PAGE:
Sunday, April 19, 2009

Modified Bases in DNA

Adenine: from the Greek adenas "gland": first isolated from pancreatic glands (1885)

Cytosine: derived from cyto- from the Greek word for "receptacle," refering to cells (1894)

Guanine: originally isolated from "guano" or bird excrement (1850)

Thymine: first isolated from thymus glands (1894)

(source Horton et al. 2006)
Bacterial genomes contain a number of unusual bases in addition to the classic adenine (A), cytosine (C), guanine (G), and thymine (T). The most common of the unusual bases are 5-methylcytosine, N4-methylcytosine, and N6-methyladenine (Erlich et al. 1987).

Bacteriophage DNA, especially the DNA of bacteriophage T4 and its close relatives, can contain 5-hydroxymethylcytosine. The base is usually glycoslylated in normal phage. (A sugar group is attached to the hydroxymethyl group.)

Many of these modified bases serve to protect DNA from restriction endonucleases—enzymes that cleave foreign DNA at specific sites. The restriction endonucleases act on bacteriophage (virus) DNA preventing it from replicating inside the bacterial cell [see Restriction, Modification, and Epigenetics].

If bacteriophage modify their nucleotides at the site of cleavage, they will escape the defenses of the bacterial cell. Of course, bacteria that make restriction endonucleases have to protect their own DNA or else they will be committing suicide. That's why their genomes have modified nucleotides.

Many other modified bases have been found in DNA but they are quite rare. Examples are uracil, α-putrescinylthymine, and 5-dihydroxypentyluracil.

Eukaryotic DNA doesn't have as many modified bases. In fact, 5-methylcytosine is the only one that's common in all eukaryotes. N6-methyladenine is known to exist in protist and plant DNA and it is thought to exist at low levels in mammalian DNA as well (Ratel et al. 2006). The presence of hydroxymethycytosine has been reported in various animals as far back as 1972 (Penn et al. 1972).

Now Kriaucionis and Heintz (2009) have re-discovered hydroxymethylcytosine in mammalian DNA. Their paper appears in the latest issue of Science. Apparently the modified nucleotide is found in certain brain cells. Their result confirms the work done by Penn et al. (1972), a result that had not been confirmed in several other studies. This makes hydroxymethylcytosine the seventh modified base in eukaryotic DNA—unless there are some that I don't know about.

The problem with the press release is that it doesn't put the discovery in the proper context.
ScienceDaily (Apr. 17, 2009) — Anyone who studied a little genetics in high school has heard of adenine, thymine, guanine and cytosine – the A, T, G and C that make up the DNA code. But those are not the whole story. The rise of epigenetics in the past decade has drawn attention to a fifth nucleotide, 5-methylcytosine (5-mC), that sometimes replaces cytosine in the famous DNA double helix to regulate which genes are expressed. And now there's a sixth: 5-hydroxymethylcytosine.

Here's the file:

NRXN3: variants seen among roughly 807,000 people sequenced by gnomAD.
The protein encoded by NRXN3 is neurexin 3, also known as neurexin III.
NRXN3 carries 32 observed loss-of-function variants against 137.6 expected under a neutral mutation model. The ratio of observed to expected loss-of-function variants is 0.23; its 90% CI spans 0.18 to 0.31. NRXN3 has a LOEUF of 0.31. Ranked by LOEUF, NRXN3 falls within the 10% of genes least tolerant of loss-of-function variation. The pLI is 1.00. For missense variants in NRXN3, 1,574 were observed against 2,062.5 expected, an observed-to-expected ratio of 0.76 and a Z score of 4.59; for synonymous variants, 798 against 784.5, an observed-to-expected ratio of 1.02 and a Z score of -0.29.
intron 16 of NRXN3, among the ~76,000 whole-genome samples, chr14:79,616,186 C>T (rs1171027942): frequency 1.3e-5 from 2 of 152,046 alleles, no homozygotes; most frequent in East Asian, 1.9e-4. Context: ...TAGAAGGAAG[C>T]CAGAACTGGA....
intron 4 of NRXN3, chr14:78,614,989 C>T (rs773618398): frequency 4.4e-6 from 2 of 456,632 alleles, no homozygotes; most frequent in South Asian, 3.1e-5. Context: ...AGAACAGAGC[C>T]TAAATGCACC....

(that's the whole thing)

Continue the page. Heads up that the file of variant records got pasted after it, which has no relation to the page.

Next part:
In experiments to be published online April 16 by Science, researchers reveal an additional character in the mammalian DNA code, opening an entirely new front in epigenetic research.
We aren't told that the sixth nucleotide is actually N6-methhyladenine. We aren't told that many other modified bases have been discovered in bacteria, including hydroxylmethylcytosine. And we aren't told that the authors actually cite earlier work showing the presence of hydroxymethylcytosine in mammalian DNA.

That's a shame. The authors are quoted in the press release. They should have made more of an effort to ensure that it was scientifically accurate.

Ehrlich, M., Wilson, G.G., Kuo, K.C., and Gehrke. C.W. (1987) N4-methylcytosine as a minor base in bacterial DNA. J Bacteriol. 169:939-943. [Journal of Bacteriology]

Kriaucionis, S. and Heintz, N. (2009) The Nuclear DNA Base 5-Hydroxymethylcytosine Is Present in Purkinje Neurons and the Brain. Science Published Online April 16, 2009 [DOI: 10.1126/science.1169786]

Penn, N.W., Suwalski, R., O'Riley, C., Bojanowski, K. and Yura, R. (1972) The presence of 5-hydroxymethylcytosine in animal deoxyribonucleic acid. Biochem J. :781–790. [Biochem. J.]

Ratel, D., Ravanat, J.L., Berger, F., and Wion, D. (2006) N6-methyladenine: the other methylated base of DNA. Bioessays :309-15. [PubMed


  1. Thanks for getting to this. I saw the story a few days ago but thought there was something iffy about how overblown it was.

  2. DNA base J (-D-glucosylhydroxymethyluracil) in Trypanosomes.

  3. I heard about this a few weeks ago by word of mouth. I had no idea about the 1972 paper though, and it seems they find it in brain tissue there too. Still, it's an interesting discovery

  4. Uuhh, they forgot T4 phage, which has Hydroxymethyl C, as a site for glycosylation.

  5. You can't expect press releases to have good, or even complete, scientific information. It might not be the "6th base" but it's still damned interesting.

    Among the most interesting things about the 5-hydroxymethylcytosine are that 1) it is indistinguishable from MeC using bisulfite mapping, and 2) methyl-binding proteins like MeCP2 have a different affinity for the OHMeC compared to the MeC. This could be huge in that it may account for differential activation and repression of some genes by MeCP2, and some of the ambiguity around the actual role of methylation in gene expression...

  6. Great post, thank you for pointing this out. There are many inaccuracies in press releases, which makes one wonder, why is there no peer review for press articles? It should take only 5-10 minutes to read a press article, and often more people read this false info than the true article. We should implement peer review for press releases!

  7. Re: Ian Vitro, there is now a way to distinguish OHMeC from MeC: